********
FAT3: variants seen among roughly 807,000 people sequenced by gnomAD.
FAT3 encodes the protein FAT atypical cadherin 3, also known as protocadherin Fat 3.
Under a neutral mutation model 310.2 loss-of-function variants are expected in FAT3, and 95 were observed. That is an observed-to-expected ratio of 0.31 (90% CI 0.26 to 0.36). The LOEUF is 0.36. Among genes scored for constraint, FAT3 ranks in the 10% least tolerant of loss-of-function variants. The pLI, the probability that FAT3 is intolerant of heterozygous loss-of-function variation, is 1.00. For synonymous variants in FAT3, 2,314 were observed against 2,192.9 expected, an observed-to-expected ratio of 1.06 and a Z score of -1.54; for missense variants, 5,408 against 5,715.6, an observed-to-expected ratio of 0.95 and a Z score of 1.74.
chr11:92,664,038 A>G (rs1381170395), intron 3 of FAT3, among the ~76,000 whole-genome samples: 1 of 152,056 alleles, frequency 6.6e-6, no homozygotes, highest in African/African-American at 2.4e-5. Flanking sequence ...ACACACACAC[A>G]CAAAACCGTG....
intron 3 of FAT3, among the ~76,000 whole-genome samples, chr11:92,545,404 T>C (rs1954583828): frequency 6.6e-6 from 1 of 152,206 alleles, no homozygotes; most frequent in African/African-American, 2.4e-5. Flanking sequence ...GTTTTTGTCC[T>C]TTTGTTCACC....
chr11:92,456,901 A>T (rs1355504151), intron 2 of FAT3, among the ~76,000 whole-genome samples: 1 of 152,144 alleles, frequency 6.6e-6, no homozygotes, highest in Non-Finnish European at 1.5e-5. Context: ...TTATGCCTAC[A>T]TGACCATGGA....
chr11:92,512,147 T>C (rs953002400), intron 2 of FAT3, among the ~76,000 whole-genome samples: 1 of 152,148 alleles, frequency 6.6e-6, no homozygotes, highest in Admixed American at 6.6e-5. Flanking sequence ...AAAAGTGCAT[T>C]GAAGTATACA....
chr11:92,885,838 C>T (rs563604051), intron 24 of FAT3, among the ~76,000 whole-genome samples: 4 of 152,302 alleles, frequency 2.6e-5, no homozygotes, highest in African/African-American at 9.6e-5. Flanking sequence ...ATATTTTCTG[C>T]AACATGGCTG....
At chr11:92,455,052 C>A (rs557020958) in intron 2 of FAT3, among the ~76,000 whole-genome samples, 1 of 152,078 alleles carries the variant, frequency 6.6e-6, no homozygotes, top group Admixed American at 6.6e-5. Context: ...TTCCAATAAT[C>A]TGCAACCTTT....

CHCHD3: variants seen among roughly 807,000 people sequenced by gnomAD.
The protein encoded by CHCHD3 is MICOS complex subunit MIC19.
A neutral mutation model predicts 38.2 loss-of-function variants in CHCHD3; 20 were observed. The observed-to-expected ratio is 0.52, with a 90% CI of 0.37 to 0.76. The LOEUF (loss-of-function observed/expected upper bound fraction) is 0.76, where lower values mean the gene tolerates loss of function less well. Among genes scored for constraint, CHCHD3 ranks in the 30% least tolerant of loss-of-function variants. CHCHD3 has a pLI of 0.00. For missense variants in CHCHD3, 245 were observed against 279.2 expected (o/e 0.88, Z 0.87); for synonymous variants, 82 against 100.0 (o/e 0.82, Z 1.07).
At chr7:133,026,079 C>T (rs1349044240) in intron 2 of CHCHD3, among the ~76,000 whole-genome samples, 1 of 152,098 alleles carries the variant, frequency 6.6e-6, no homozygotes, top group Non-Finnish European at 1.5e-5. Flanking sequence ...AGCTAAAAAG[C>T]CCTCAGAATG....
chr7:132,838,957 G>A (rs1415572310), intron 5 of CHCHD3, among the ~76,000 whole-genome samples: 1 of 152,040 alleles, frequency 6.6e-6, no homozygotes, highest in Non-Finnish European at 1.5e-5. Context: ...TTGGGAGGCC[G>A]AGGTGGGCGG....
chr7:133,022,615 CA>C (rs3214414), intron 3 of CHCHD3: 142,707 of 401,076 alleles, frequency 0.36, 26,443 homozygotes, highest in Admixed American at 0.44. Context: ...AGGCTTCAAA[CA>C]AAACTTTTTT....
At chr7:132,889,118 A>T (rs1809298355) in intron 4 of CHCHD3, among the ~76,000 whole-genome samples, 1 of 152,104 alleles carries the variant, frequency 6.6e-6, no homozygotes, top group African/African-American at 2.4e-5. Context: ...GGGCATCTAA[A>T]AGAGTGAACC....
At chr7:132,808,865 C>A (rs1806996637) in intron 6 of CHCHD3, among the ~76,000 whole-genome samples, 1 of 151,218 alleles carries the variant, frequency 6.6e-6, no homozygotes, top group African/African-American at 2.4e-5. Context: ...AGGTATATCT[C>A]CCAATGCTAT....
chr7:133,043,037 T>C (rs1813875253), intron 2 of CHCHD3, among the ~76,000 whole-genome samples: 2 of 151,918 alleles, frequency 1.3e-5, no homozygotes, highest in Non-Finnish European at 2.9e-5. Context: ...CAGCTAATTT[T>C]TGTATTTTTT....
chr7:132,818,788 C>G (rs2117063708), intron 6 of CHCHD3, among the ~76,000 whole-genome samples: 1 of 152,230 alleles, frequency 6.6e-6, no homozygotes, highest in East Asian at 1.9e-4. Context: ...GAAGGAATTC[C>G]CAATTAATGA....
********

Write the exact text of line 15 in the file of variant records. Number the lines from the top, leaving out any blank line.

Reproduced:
chr7:133,022,615 CA>C (rs3214414), intron 3 of CHCHD3: 142,707 of 401,076 alleles, frequency 0.36, 26,443 homozygotes, highest in Admixed American at 0.44. Context: ...AGGCTTCAAA[CA>C]AAACTTTTTT....